What are the meanings behind the two pieces you contributed to the show and did you make these two for the show?
Yes, I made them for the show. Most of my canvases are inspired by work that I've already done. One of them I did in Paris and one of them I did in Qatar. I always use what I've written on a wall, because it’s relevant to the place that I painted. I use the quote, and I put it on canvas, but the canvas is not put into a context.
How has your practice evolved since you started?
I started with regular graffiti, Latin graffiti. When I switched to Arabic, I started printing my name following graffiti culture. Then I switched to writing poetry and messages inspired by the Arabic proverbial tradition. Then I stopped signing them. I stopped writing the meaning in English or French as a way of fighting this kind of cultural imperialism, where you need to translate to people so they can understand. For me it was a way to invite people to my culture by not writing the meaning, so that the people who are really interested will try to understand. I stopped writing my name and the meaning in order to stop breaking the poetry of calligraphy. When you know what it means, you focus on the meaning and you lose the dynamism of the shape and the movement.
What was it like to bring your work to Tunisia last year on the Jara Mosque minaret and experience the negative and positive reactions to it?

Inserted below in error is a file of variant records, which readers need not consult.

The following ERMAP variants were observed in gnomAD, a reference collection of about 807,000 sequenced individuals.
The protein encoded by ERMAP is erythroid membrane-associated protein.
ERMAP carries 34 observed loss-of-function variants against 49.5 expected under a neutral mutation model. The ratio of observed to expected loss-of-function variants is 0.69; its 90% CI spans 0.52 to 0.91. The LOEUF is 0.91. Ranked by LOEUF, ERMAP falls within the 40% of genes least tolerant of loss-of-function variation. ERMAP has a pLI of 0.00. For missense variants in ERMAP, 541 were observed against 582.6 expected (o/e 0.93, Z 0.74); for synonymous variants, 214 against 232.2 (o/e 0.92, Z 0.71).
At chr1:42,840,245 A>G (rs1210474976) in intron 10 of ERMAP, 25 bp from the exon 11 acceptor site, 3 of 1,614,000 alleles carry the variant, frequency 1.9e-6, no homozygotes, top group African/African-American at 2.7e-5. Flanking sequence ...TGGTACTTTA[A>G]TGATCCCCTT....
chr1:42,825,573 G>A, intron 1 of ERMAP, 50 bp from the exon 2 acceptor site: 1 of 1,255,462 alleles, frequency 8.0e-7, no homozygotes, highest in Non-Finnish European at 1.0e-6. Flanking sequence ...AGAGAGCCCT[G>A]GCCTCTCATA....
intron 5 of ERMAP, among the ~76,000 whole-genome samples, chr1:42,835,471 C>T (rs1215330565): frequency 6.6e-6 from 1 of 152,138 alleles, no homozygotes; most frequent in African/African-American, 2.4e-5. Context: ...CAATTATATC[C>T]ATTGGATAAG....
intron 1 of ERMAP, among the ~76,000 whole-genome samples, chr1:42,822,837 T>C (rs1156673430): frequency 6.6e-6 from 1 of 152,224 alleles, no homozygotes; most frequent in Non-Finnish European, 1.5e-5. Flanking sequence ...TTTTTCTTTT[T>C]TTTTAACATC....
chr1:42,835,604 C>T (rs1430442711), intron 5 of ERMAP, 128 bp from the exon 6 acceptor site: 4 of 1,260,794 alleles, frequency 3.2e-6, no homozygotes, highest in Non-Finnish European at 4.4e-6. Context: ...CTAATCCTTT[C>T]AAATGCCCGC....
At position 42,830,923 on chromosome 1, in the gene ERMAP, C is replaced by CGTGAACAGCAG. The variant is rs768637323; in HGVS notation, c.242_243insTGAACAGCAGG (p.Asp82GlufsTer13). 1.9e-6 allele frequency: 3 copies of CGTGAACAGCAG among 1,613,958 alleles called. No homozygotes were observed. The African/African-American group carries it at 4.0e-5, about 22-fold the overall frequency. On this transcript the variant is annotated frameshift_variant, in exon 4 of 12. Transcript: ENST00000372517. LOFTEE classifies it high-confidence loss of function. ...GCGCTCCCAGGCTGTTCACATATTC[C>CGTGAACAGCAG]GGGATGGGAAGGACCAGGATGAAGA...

There was a really positive reaction from the international audience and media and the Tunisian audience...but not from the Tunisian media. That’s the funny thing. The only people who didn’t speak about this minaret project was the Tunisian media. I don’t know why, but after I wrote on this minaret (the message says, “Oh mankind, we have created you from a male and a female and made people and tribes so you may know each other"), I did another project inspired by these words. I asked myself, "Who are my people?" and "Who are my tribes here in Tunisia?" I did a road trip all over the country, trying to meet those people and getting to know who they are. I was staying one, two, or three days in a place, meeting people, learning their stories, and giving their stories back to them through a wall. Since my work is recognized all around the world, I feel like I am invested in my culture and country, and I hope that I can help in any way to lift up the head of my people. Then, I can say that I have achieved something.
Do you know about the project that JR did in Tunisia in 2011, where people tore down the faces that citizens pasted on the walls? I think that is another example, when you speak of the international and Tunisian media, showing how people in other places don't understand how art gets removed, censored, or misinterpreted in other places.